“When a negative thought arises,” Forbush says, “Try asking yourself, ‘What would I say to a friend or loved one who was talking to themself in this way?’”
Keep a journal
To better understand your inner thoughts, Forbush suggests tracking both negative and positive self-talk. Pay attention to when those thoughts arise. “What was the event or scenario that triggered it?” Forbush asks. “How did your body respond to that?”
With a journal, you can practice debunking your beliefs and changing them, says Adriana Keefe, life strategist and empowerment coach. “Begin by writing down what the negative belief is,” Keefe says. Then ask yourself if the belief is true. What, instead, would you prefer to believe? Write that down and cross out the negative statement.
Read more: Why You Should Keep A Work Journal
Focus on your growth
Positive self-talk is more than just telling yourself ‘you're pretty’ and ‘you're enough;’ it's understanding that intelligence and growth can be developed in all areas,” says Keefe. “Your thoughts have the power to leave you in the victim mentality or allow for growth and abundance.”
Instead of saying, “I can’t master that,” try telling yourself, "I haven't mastered that yet.” Instead of saying, “I don’t have time for that,” tell yourself, "I will make the time for that.” This slight change in phrasing will change your perspective, and ultimately, your mindset.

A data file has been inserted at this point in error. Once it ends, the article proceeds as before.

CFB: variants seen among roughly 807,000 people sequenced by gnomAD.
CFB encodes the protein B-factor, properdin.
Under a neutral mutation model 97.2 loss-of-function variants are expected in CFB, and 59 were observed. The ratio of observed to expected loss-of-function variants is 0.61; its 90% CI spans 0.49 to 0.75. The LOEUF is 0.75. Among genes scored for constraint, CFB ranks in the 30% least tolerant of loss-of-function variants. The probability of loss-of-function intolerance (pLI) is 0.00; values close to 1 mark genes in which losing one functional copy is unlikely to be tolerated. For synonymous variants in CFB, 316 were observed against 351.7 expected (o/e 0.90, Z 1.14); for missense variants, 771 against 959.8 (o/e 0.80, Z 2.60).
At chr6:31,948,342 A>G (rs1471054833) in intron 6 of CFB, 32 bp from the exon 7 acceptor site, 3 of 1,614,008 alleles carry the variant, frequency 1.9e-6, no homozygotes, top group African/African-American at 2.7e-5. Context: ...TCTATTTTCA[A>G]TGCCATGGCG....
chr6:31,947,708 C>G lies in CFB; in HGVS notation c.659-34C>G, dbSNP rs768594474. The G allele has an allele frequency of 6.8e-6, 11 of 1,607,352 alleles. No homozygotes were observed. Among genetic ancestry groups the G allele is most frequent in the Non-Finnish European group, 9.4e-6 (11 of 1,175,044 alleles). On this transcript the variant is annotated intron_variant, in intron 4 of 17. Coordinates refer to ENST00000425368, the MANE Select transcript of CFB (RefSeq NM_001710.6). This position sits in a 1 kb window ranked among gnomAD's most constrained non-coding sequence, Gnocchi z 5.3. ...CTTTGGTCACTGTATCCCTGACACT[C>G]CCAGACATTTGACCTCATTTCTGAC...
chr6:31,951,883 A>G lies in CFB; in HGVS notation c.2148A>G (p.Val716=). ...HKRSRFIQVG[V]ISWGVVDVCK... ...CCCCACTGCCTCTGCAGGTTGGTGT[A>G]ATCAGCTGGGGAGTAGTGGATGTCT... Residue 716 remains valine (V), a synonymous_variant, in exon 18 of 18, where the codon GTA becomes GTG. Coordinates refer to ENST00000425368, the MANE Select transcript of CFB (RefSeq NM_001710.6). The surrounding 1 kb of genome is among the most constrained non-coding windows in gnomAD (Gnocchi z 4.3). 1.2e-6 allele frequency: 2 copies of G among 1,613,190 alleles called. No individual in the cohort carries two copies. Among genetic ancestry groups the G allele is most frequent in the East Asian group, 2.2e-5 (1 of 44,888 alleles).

Surround yourself with positivity
Have you ever kept a sticky note on your desk, reminding yourself of an errand? Try writing down a positive phrase instead, like, “You can do hard things,” “you’re capable,” “you deserve this job.” You can also put messages around your home, Forbush suggests, or put a photo on your desk, reminding you of a phrase that a loved one used to reiterate to you.
Practice builds resiliency
Resiliency in the workplace is crucial. One study found that workers with high resilience have better outcomes in difficult work environments. Improving your resiliency, with the support of positive self-talk, can help improve your sleep habits, lower your risk of burnout, and contribute to higher productivity.
If you’re mentally prepared to handle mistakes, stressful situations, and negative feedback, you’ll bounce back from them quicker. No one’s perfect. Understanding that, and reminding yourself that you’re meant to grow and learn will help in dealing with any negativity that comes your way.
“Positive self-talk not only sets the tone for the moment you're in, but paves a path to much more positive outcomes and experiences in life,” says Keefe. “[But] it takes time for your brain to automatically think in a more positive state than a negative, so stick with it.”